We’ll Pick Up The Pieces Next Time by Angle (Review)

The trans-Channel duo have chosen to release an even more hushed and muted collection of songs.
We'll Pick Up The Pieces Next Time - Angle

It may have taken me awhile, but I finally got around to reviewing Angle’s deprecatingly titled Silence Is Better Than Nothing late last year. And I’m sorry it took me so long, as it was quite a nice little gem, taking the same sort of hushed, damaged lo-fi pop approach that has served Hood so well and adding in some lovely electronic elements of its own. For their followup to Silence…, the trans-Channel duo of Andrew Richards and Sylvain Closier have chosen to look even further inward and release an even more hushed and muted collection of songs.

We’ll Pick Up The Pieces Next Time features a very similar mixture of elements as Silence…, but everything is starker and sparser. The beats and rhythms that often propelled much of Silence… have grown rather shy and withdrawn, if they’re even there to begin with. However, their absence doesn’t really damage the duo’s music at all. If anything, it serves only to draw the listener even further in.

“Greeneyesea” takes its time starting — pulsing electronic sounds and shapeless basslines mosey along, with horns straying off somehwere in the distance. It’s not until the song’s final third that the hushed vocals come in singing such cryptic lyrics as “You know you mustn’t give in to the green-eyed sea fish/Swimming through the pale stained-glass window.”

The sparseness of the duo’s new sound doesn’t mean these songs are boring. On the contrary, it causes the listener to pay even more attention to what’s going on, and each sonic element becomes that much more noticeable and takes on greater weight. For example, in a fuller song, the soft groans of static and glitch that filter in alongside “Greeneyesea“ s vocals would get lost in the shuffle. In this case, however, they add tension to the piece, as if there’s something just on the other side of the song trying to break through, as if the song’s structure is just about to fall apart.

Occasionally, the duo does pick up the pace somewhat. “Sell Your Toes” consists primarily of an interplay between guitar and basslines, with lush interludes of sighing vocals and horn sounds. However, in its final moments, the song kicks up a notch or two — the guitars grow more insistent, the pace becomes a bit more rapid, and the vocals a bit more forceful. However, this is all pretty relative, and in fact, even my slight description makes it sound busier and more complex than it really is.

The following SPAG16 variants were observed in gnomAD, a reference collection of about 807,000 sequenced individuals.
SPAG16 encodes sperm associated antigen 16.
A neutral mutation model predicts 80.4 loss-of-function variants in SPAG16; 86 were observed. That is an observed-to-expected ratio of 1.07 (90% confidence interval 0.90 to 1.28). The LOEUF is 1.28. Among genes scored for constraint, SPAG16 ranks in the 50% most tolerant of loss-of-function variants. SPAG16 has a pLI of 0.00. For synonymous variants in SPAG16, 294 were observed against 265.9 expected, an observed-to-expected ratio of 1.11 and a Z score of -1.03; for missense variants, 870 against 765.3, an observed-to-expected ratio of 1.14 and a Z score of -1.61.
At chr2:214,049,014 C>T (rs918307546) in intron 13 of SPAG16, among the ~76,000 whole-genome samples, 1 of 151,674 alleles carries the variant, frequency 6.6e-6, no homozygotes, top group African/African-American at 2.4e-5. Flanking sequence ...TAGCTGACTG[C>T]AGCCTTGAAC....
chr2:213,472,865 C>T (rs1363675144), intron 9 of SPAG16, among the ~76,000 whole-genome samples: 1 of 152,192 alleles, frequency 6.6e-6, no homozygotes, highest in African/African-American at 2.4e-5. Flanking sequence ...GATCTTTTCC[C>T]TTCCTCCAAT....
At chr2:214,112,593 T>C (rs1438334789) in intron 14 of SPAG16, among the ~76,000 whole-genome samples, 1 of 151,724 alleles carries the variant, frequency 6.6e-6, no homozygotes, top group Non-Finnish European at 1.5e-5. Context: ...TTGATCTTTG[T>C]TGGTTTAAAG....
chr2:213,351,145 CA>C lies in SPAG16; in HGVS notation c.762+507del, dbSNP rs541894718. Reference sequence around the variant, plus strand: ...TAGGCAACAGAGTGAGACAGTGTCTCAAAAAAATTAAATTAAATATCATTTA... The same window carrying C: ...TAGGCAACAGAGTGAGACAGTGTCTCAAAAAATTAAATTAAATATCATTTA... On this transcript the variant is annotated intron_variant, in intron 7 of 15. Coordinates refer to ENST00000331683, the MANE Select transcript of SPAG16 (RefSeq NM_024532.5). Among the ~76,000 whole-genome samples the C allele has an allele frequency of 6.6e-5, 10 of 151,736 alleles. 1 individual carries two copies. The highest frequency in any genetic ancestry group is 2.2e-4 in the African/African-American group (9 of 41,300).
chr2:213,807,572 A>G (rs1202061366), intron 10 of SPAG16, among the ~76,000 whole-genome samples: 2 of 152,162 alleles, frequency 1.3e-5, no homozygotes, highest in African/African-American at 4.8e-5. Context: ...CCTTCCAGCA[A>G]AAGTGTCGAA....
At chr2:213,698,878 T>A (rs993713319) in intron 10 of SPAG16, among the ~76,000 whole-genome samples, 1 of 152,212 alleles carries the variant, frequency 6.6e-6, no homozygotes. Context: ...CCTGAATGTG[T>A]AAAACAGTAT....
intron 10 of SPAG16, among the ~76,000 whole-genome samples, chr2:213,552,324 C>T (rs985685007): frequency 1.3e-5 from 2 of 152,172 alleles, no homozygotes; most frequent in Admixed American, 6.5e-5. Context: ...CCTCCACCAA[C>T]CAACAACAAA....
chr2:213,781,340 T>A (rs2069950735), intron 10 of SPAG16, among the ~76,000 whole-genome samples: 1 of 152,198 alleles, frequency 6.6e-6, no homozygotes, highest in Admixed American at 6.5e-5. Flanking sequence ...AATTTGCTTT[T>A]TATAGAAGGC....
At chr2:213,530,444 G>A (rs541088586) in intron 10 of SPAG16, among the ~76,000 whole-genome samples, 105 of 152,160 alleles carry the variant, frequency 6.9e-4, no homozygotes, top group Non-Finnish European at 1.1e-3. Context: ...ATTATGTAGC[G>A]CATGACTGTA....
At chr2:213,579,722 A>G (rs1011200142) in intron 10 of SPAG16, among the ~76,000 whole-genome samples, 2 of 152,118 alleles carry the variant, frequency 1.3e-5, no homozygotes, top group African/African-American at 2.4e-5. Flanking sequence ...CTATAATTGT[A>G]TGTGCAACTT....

“Photographic” is one of the disc’s lusher tracks, thanks in large part to the layered vocals that provide a soft, ephemeral bed for the shifting guitar lines favored by the duo. It’s also one of the more electronically active tracks as well, with odd bits of electronic detritus (glitch, radio noise, static, hiss) popping up here and there, bookending parts of the song. The understated use of those elements actually makes them intriguing once again, as opposed to so many bands that just smother their music with them.

“By Proxy” comes close to falling under this criticism, but once again, the duo’s reserved approach saves the song. Rather than sound gratuitous or trendy, the modem sounds and electronic squiggles make the gasping vocals sound even moreso, lending the song a surreal texture not unlike Lucid’s music.

As with Silence…, I have to complain about the duo’s preference for rather short songs (a point driven home by the fact that the album’s closing track seems cut off in mid-stride). Eight songs in under 25 minutes might be great for pop-punk, but there is a part of me that wants more, that wants to hear what might happen if the duo were to stretch out their songs and let their elements meander even more. But I also realize that that particular criticism really doesn’t hold up too much in light of what Richards and Closier really have accomplished here.

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